Originally Posted by batgirl717111 View Post
oof. this one hit so close to home it hurts! wow.

i was really good a that for a while then got wrapped up in some extended projects and deadlines wound way out. trying to whip myself back into shape, lol.

i'd love to read that 100k/7k article if you still have the link!!

Took me a while to find it. It was a good read but from my perspectives, this guy was clearly doing some things wrong which he admits. http://gamasutra.com/blogs/ThomasHen...avor_of_PC.php
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  #15  
Old 09-02-2014, 04:17 AM
CharredDirt CharredDirt is offline
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Join Date: Mar 2012
Location: Bangkok, Thailand
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Quote:
Originally Posted by Touchmint View Post
Interesting read for sure and hats off for making it but to me reskining is the devil of the app store. Filling the store with crap making search hard for users and developers. its very hard for new indies to get their foot in the door and this is a big reason (getting noticed).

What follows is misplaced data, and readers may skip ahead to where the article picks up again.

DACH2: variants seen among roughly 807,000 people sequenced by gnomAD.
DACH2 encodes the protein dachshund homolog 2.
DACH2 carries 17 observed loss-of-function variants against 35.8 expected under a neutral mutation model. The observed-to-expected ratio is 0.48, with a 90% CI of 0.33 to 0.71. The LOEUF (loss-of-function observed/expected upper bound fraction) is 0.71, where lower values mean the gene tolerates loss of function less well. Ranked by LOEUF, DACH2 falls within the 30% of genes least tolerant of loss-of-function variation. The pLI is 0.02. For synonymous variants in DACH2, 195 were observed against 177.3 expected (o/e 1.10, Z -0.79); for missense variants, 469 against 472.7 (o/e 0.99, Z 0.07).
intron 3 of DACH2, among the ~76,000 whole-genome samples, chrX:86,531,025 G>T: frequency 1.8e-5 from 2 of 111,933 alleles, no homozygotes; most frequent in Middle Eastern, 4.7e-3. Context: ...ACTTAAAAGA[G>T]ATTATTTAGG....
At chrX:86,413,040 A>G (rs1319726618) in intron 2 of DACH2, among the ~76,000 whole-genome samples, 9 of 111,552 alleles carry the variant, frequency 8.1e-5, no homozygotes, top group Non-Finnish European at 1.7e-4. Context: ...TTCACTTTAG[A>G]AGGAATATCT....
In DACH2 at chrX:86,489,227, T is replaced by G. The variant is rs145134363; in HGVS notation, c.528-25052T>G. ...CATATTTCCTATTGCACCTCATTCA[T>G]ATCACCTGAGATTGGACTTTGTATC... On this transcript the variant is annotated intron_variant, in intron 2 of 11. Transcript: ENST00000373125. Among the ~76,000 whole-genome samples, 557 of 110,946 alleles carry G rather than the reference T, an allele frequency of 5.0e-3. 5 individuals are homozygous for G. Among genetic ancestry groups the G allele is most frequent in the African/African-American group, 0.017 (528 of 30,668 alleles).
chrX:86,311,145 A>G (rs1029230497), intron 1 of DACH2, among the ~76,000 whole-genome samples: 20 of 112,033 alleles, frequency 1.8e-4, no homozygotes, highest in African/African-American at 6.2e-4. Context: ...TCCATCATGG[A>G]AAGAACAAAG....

You make some really good points about people not knowing how to market or sell their app. Im guessing I am one of the worst programmers on these forums but I atleast have a slight idea of what people want so that gives me an edge. knowing your market is a pretty big deal just because you can make something does not mean you should.

Anyways some good insight for sure and props for the business skills its just too bad its at the cost of other indies (then again if you werent doing it im sure somewhat else would). Not to put you out but it would be nice if apple cut down on accepting clones like this. =/